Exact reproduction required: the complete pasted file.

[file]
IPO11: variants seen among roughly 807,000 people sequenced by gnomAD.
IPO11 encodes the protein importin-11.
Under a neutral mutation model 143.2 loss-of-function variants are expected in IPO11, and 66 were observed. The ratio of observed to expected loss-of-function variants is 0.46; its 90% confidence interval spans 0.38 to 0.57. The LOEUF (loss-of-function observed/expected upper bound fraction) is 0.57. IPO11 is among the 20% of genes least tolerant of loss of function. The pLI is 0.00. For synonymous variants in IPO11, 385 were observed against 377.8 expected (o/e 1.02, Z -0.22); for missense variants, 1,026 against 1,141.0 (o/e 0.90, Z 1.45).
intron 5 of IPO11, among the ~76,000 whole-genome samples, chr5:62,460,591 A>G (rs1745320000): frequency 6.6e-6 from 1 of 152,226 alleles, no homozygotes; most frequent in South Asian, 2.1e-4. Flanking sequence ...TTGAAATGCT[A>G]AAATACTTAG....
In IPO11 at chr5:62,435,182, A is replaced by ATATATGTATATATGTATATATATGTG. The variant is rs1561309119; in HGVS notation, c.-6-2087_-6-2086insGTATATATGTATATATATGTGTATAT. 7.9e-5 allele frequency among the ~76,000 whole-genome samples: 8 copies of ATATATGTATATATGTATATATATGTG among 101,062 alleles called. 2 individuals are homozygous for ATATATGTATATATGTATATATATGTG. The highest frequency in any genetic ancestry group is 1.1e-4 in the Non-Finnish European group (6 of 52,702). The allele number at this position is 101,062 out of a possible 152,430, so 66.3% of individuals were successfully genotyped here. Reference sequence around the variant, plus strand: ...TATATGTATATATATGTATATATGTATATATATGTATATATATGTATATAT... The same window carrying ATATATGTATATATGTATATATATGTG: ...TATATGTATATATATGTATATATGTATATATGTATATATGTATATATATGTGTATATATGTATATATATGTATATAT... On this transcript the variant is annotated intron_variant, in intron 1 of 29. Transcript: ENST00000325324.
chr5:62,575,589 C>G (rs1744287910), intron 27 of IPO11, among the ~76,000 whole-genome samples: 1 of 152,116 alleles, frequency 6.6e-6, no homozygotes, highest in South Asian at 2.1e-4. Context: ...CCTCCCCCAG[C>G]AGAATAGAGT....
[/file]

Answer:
IPO11: variants seen among roughly 807,000 people sequenced by gnomAD.
IPO11 encodes the protein importin-11.
Under a neutral mutation model 143.2 loss-of-function variants are expected in IPO11, and 66 were observed. The ratio of observed to expected loss-of-function variants is 0.46; its 90% confidence interval spans 0.38 to 0.57. The LOEUF (loss-of-function observed/expected upper bound fraction) is 0.57. IPO11 is among the 20% of genes least tolerant of loss of function. The pLI is 0.00. For synonymous variants in IPO11, 385 were observed against 377.8 expected (o/e 1.02, Z -0.22); for missense variants, 1,026 against 1,141.0 (o/e 0.90, Z 1.45).
intron 5 of IPO11, among the ~76,000 whole-genome samples, chr5:62,460,591 A>G (rs1745320000): frequency 6.6e-6 from 1 of 152,226 alleles, no homozygotes; most frequent in South Asian, 2.1e-4. Flanking sequence ...TTGAAATGCT[A>G]AAATACTTAG....
In IPO11 at chr5:62,435,182, A is replaced by ATATATGTATATATGTATATATATGTG. The variant is rs1561309119; in HGVS notation, c.-6-2087_-6-2086insGTATATATGTATATATATGTGTATAT. 7.9e-5 allele frequency among the ~76,000 whole-genome samples: 8 copies of ATATATGTATATATGTATATATATGTG among 101,062 alleles called. 2 individuals are homozygous for ATATATGTATATATGTATATATATGTG. The highest frequency in any genetic ancestry group is 1.1e-4 in the Non-Finnish European group (6 of 52,702). The allele number at this position is 101,062 out of a possible 152,430, so 66.3% of individuals were successfully genotyped here. Reference sequence around the variant, plus strand: ...TATATGTATATATATGTATATATGTATATATATGTATATATATGTATATAT... The same window carrying ATATATGTATATATGTATATATATGTG: ...TATATGTATATATATGTATATATGTATATATGTATATATGTATATATATGTGTATATATGTATATATATGTATATAT... On this transcript the variant is annotated intron_variant, in intron 1 of 29. Transcript: ENST00000325324.
chr5:62,575,589 C>G (rs1744287910), intron 27 of IPO11, among the ~76,000 whole-genome samples: 1 of 152,116 alleles, frequency 6.6e-6, no homozygotes, highest in South Asian at 2.1e-4. Context: ...CCTCCCCCAG[C>G]AGAATAGAGT....